Updated: July 22, 2021 06:21 PM
Created: July 22, 2021 04:50 PM
A majority of the state is experiencing severe drought conditions, according to the Minnesota Department of Natural Resources.
"We keep hoping for rain, but I think, with the weather this week, it's going to continue to get worse, unfortunately," Minnesota Agriculture Commissioner Thom Petersen said.
The state is exploring opening public lands to help farmers with grazing and haying, according to Petersen.
Farmers who raise cattle have been hit hard with the lack of rain this summer.
"In some parts of the state, what is frustrating ... they have to sell off cattle, and they've had herds for generations, and having to make that decision is extremely stressful and difficult," Petersen said.
Moving cattle to pastures to graze and have freshwater has been top of mind at Pleasurewoods Farm, a family operation about 60 miles north of the metro, in recent days.
“You always try to stay optimistic, and you pray and hope the rains will come, and we can utilize it, and we can utilize it late, if not it will be sad and hard to stomach," said cattleman Duane Munsterteiger.
Normally heading into August, Munsterteiger said the alfalfa would be knee-high on a person, but this year it’s maybe ankle-high as the ground is dry and brittle.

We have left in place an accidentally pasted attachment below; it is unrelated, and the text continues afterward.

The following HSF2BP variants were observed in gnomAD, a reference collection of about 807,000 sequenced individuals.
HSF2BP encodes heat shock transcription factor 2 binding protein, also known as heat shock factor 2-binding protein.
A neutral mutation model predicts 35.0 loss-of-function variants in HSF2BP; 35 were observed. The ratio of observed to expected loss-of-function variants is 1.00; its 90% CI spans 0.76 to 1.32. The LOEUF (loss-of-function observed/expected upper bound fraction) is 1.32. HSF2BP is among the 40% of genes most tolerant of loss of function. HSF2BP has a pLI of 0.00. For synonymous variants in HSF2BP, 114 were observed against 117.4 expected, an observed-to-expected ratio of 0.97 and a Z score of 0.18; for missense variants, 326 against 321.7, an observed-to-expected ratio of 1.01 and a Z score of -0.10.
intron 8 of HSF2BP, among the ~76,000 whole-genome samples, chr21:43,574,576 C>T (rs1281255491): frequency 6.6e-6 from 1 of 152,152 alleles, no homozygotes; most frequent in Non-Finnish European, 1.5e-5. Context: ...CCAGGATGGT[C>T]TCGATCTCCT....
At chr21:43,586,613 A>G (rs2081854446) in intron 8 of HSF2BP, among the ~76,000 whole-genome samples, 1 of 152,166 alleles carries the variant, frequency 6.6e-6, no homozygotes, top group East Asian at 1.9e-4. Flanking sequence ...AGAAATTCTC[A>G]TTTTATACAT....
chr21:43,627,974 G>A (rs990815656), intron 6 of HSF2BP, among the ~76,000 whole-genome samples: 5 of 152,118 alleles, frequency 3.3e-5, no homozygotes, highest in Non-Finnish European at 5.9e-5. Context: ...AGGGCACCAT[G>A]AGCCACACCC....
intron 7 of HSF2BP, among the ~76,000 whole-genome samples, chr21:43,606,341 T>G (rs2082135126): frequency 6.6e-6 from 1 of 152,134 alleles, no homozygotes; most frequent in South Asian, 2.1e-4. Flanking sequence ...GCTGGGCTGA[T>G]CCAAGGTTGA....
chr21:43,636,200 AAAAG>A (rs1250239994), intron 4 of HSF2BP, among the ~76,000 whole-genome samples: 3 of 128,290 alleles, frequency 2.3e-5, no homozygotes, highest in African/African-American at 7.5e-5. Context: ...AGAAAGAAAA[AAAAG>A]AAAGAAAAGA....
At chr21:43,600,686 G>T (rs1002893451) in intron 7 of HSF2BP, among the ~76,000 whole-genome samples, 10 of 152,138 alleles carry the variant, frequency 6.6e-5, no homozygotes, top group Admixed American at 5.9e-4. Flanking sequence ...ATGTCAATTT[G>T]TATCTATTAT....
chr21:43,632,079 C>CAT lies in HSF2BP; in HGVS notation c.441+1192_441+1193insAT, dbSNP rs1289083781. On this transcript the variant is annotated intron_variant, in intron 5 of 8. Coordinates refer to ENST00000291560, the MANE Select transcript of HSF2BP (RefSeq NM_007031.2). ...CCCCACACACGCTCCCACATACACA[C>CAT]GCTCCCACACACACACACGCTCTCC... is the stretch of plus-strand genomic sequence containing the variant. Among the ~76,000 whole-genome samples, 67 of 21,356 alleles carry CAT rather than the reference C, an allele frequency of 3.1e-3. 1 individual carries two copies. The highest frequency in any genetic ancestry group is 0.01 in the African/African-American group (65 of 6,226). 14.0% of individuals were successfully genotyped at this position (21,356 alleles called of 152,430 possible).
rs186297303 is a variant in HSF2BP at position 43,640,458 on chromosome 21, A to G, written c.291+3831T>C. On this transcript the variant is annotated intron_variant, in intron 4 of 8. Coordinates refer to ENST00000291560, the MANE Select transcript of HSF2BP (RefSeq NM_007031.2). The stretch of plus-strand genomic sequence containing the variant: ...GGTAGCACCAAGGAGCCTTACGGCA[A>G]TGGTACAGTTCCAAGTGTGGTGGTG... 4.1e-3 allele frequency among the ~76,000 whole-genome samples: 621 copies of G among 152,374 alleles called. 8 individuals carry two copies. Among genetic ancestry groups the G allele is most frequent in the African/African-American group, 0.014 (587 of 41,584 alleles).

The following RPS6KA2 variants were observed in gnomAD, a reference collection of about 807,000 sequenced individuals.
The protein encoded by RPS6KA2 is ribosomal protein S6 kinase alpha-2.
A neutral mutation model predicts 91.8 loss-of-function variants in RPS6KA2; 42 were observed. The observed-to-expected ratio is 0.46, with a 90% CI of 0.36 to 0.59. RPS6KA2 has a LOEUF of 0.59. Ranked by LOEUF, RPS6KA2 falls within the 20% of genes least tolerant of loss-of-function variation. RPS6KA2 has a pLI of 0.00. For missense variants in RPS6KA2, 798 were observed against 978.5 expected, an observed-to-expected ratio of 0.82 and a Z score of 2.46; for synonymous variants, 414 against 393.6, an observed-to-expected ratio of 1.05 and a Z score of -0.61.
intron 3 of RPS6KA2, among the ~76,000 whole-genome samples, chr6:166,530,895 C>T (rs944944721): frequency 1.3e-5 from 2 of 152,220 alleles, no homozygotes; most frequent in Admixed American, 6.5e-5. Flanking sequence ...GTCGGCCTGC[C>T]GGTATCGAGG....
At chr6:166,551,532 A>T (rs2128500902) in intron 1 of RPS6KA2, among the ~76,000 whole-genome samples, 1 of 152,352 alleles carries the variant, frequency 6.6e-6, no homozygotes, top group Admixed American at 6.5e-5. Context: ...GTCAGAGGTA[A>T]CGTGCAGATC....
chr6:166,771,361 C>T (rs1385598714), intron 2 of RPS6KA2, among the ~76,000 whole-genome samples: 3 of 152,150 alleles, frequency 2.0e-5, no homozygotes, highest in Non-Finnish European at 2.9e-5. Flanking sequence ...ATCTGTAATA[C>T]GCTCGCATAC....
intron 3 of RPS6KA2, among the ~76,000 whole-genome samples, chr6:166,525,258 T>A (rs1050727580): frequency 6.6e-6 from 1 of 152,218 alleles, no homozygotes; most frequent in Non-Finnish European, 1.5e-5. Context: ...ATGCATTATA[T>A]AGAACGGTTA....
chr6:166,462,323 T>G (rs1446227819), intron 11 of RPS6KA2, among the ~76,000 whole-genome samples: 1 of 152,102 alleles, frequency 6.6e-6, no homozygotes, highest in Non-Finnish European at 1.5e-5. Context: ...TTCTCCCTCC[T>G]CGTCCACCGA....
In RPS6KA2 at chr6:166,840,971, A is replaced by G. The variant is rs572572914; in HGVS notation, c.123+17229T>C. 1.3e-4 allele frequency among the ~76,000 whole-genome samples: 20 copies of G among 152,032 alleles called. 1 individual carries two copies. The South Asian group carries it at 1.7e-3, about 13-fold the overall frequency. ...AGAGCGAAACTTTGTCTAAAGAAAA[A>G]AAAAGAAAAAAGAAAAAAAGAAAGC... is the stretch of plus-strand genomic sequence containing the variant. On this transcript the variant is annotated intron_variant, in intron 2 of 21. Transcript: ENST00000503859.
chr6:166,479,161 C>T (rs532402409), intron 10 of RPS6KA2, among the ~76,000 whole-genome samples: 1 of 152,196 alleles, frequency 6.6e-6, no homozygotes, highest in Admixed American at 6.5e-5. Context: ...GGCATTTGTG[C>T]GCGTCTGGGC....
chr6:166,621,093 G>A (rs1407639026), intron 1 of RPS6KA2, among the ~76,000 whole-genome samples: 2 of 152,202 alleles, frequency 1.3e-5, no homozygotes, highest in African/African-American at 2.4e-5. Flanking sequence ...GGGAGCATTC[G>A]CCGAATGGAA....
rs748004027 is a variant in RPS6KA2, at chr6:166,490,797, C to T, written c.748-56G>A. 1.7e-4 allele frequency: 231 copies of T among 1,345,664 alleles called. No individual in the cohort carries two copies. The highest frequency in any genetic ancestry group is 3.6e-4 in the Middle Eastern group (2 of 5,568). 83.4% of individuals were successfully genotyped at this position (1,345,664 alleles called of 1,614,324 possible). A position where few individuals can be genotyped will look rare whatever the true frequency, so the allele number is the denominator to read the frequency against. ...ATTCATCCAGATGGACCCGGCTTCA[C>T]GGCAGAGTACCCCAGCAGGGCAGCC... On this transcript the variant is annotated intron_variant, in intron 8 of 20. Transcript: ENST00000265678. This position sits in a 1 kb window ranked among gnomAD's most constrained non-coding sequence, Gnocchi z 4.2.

Farming has been in his blood for more than 40 years, and the lack of rain is on his mind this year.
Munsterteiger scratched on some paper rainfall totals since April that show around 7.5 inches of rain.
"My grandpa said in this country we need an inch of rain a week," Munsterteiger said. "Think of how many weeks we went through and how much rain we have."
The creeks that run through the Kanabec County farm that normally provide fresh water to the cattle have run dry, leading them to have to pump water to storage tanks.
“The cows drink freshwater back here all the time,” Munsterteiger said. “This year, it will be more of a challenge for many guys around, they are running out of water in pastures."
The Minnesota Department of Agriculture’s Rural Finance Authority Board determined that an emergency exists in Minnesota due to drought, making zero-interest loans available immediately for Minnesota farmers whose operations are suffering from lack of rain, according to the Governor’s Office.
The state created a drought resources webpage for farmers to find ways to get help.
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